Suubi is the word for hope in Uganda. It is a word that can inspire, challenge or make us run in fear. I am choosing the first two and invite you to join me on little journey. I first met Moses in a Facebook Youth Ministry group. He was so excited about what God was doing in his country and felt called to do something for the youth and families in his community. He was so eager to learn about social justice - a new concept to him. We had so many conversations about service, justice, what the Catholic church has to say about human dignity, poverty, hunger and needs. I learned that his community was hit very hard by AIDS and HIV, leaving so many children sick and orphaned. The community was finding it very difficult to care for everyone....and many go without basic needs today. Moses challenged his youth group to build a home for a homeless family - and I was amazed at how this poor community and even poorer youth found a way to build a tiny brick home for this family. It was beautiful and of course empowering. The youth wanted something more to do...so Moses helped them feed the hungry in their community. They gave up their own breakfast one day to share it with the school children in need. I was overwhelmed by this beautiful act. There is no excess from which to give in this community - people are giving from their own food, own shelter, own clothing. It shook me to my core. I thought of all our YNIA teams - and their own fundraising efforts to come on a YNIA week. You all earn the money to give up a week to serve in the name of Jesus. It is radical. It is a paradox. It is our faith. We will soon be sharing with you a little project Moses and our YNIA team have come up with to bring breakfast to the children in Masaka, Uganda. We hope to have each YNIA team host a breakfast to raise money to help our friends grow maize. This maize will be breakfast for the children. You and I know we learn better, feel better and do better if we have full tummies.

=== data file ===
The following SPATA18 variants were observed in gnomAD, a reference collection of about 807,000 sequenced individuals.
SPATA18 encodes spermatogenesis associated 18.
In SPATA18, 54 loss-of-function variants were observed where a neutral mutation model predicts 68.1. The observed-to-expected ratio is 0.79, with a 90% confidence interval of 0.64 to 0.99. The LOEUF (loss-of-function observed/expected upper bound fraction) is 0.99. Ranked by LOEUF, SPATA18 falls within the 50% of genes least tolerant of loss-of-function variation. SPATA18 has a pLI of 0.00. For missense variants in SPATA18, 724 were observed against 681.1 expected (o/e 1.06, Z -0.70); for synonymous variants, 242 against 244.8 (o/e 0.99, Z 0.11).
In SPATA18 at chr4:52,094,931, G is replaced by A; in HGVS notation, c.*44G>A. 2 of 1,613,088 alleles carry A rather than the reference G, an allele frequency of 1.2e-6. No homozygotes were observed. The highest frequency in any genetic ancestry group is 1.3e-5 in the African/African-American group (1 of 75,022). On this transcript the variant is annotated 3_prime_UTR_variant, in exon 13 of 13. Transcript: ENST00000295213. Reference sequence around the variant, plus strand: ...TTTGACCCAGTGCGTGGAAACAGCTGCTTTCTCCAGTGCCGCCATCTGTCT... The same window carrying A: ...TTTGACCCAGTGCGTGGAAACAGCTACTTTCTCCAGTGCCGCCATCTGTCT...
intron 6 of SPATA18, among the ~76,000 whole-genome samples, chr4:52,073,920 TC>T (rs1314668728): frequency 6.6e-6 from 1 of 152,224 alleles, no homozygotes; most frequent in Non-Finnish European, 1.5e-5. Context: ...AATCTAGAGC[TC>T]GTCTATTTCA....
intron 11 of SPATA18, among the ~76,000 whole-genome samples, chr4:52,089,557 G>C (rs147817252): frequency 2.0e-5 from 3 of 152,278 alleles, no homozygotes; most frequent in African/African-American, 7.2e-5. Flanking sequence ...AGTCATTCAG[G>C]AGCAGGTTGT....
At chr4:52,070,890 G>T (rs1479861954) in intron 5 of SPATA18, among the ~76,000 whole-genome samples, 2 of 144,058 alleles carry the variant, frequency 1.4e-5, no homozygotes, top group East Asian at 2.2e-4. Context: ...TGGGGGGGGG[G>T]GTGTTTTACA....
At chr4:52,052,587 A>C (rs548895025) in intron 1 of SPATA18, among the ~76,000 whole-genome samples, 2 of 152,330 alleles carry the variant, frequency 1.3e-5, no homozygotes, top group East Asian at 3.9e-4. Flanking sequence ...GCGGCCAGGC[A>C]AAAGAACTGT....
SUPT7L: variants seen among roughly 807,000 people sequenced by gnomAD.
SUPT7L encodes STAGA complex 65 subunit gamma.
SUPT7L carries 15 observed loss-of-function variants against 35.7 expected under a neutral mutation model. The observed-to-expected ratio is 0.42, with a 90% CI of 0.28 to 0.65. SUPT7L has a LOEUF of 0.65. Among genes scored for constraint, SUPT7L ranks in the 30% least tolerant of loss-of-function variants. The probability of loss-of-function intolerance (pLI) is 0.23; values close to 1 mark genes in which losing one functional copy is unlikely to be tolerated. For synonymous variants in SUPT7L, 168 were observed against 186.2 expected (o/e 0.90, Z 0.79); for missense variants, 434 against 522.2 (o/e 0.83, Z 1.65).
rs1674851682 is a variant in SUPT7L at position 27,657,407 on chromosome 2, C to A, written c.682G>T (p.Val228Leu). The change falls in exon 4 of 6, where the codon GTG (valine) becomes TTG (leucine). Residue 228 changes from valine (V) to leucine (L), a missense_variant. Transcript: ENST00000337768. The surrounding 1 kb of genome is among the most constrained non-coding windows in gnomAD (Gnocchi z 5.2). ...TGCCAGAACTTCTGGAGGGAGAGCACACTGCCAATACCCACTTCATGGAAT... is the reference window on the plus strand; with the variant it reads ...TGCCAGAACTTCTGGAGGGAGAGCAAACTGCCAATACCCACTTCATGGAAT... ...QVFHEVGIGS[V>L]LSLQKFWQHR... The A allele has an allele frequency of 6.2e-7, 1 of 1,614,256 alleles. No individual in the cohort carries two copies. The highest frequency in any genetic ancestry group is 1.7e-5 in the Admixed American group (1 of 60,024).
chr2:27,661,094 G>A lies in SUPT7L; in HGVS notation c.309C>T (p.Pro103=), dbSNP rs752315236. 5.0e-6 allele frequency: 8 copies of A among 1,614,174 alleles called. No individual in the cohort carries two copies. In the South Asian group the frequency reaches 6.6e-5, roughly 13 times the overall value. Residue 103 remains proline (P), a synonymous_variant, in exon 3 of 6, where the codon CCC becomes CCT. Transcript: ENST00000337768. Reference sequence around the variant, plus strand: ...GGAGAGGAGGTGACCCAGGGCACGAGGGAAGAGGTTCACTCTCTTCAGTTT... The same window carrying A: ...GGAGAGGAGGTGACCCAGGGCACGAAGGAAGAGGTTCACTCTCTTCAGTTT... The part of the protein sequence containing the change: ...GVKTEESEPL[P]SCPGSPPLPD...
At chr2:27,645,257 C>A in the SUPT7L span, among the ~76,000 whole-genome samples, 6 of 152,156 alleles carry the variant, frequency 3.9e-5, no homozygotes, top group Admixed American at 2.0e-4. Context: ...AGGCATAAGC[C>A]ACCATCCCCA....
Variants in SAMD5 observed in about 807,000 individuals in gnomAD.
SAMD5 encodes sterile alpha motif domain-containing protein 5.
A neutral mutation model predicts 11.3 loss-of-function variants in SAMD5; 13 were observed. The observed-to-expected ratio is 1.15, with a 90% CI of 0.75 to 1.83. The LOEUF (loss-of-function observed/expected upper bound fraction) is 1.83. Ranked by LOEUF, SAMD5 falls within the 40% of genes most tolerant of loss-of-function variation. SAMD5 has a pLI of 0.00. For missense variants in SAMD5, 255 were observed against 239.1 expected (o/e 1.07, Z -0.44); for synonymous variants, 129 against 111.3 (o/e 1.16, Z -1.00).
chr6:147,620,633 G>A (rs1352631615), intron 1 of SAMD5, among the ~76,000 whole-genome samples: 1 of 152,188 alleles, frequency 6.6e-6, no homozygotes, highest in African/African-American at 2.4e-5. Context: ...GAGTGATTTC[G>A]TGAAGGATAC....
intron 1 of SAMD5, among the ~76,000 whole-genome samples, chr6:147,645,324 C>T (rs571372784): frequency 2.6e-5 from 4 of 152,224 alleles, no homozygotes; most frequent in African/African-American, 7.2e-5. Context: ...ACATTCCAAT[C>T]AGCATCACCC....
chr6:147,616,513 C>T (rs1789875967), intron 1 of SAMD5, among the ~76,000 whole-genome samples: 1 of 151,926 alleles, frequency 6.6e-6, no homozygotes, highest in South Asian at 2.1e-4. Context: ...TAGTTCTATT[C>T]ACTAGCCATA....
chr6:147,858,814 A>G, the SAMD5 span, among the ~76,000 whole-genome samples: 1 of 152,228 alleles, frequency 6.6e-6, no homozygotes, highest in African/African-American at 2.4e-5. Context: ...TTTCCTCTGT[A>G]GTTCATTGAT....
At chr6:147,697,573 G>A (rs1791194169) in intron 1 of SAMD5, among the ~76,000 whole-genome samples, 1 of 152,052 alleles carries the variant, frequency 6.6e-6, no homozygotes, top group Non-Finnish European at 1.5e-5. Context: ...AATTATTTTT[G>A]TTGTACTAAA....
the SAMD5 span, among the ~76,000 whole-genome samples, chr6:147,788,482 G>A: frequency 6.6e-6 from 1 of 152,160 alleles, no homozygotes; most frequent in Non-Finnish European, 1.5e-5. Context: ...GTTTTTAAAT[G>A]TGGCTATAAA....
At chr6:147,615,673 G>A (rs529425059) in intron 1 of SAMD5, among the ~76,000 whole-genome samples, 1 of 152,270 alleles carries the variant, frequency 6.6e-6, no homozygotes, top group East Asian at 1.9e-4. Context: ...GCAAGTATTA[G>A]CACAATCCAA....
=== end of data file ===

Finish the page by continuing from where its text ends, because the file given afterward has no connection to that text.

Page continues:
It is National Migration Week in our church and our bishops have encouraged us to pray for peace, unity and hope for all those having to leave their homes aid countries to make a better life. Migration hits close to home for me. My husband came to the US to flee war in his own country and has made a life here that has always included a little homesickness, longing for family, friends, food, language and music from Iran.We have worked hard to keep traditions and have a sense of pride in Persian culture with our family. Really, the food is amazing! He now volunteers with World Relief and has had the privilege of helping to settle a new Afghani family this past few months. Ali and Soheila were brought to the U.S. after helping our military in Afghanistan - they couldn't stay - their lives were compromised by their support of our troops. Soheila was 8 1/2 months pregnant and would be delivering her little one far from family and home in a very different culture. Little John Iman was born a few weeks ago - healthy and beautiful with a hopeful future. They invited us for dinner on Christmas - so we went of course with gifts and food and looking forward to snuggling with the baby.Their little apartment is furnished with second-hand furniture and dishes, mismatched tables and lamps, but filled with warmth and welcome. Kind people have given them all they need for the baby and they are planning their future with excitement and purpose. The dinner was delightful - yummy food from old family recipes - laughter, stories, taking turns holding John and best of all, sharing faith. On our way home my husband said, " I have never stopped being grateful for the chance to live here - and for the freedom and peace we have." That's it my friends...peace, freedom and hope are gifts! Pray a prayer of thanksgiving tonight for all God has given us!
Every week on a summer mission trip is incredible. Each school or parish team comes with hopes, dreams and tons of energy and enthusiasm to change the world just a bit. This past summer we started a new site in Springfield Kentucky. It is a little burg a bit east of Louisville. A little town that cheers on the local high school foot ball team, knows when a neighbor is sick or in trouble and is about as proud as can be of their roots and heritage. Forward to the week YNIA was there for the first time. A little town, mostly Baptist, is turned upside down by a lot of Catholic teenagers from around the country. They weren't sure what to think - why were these teens here? Why do they need to work here? What are they trying to do?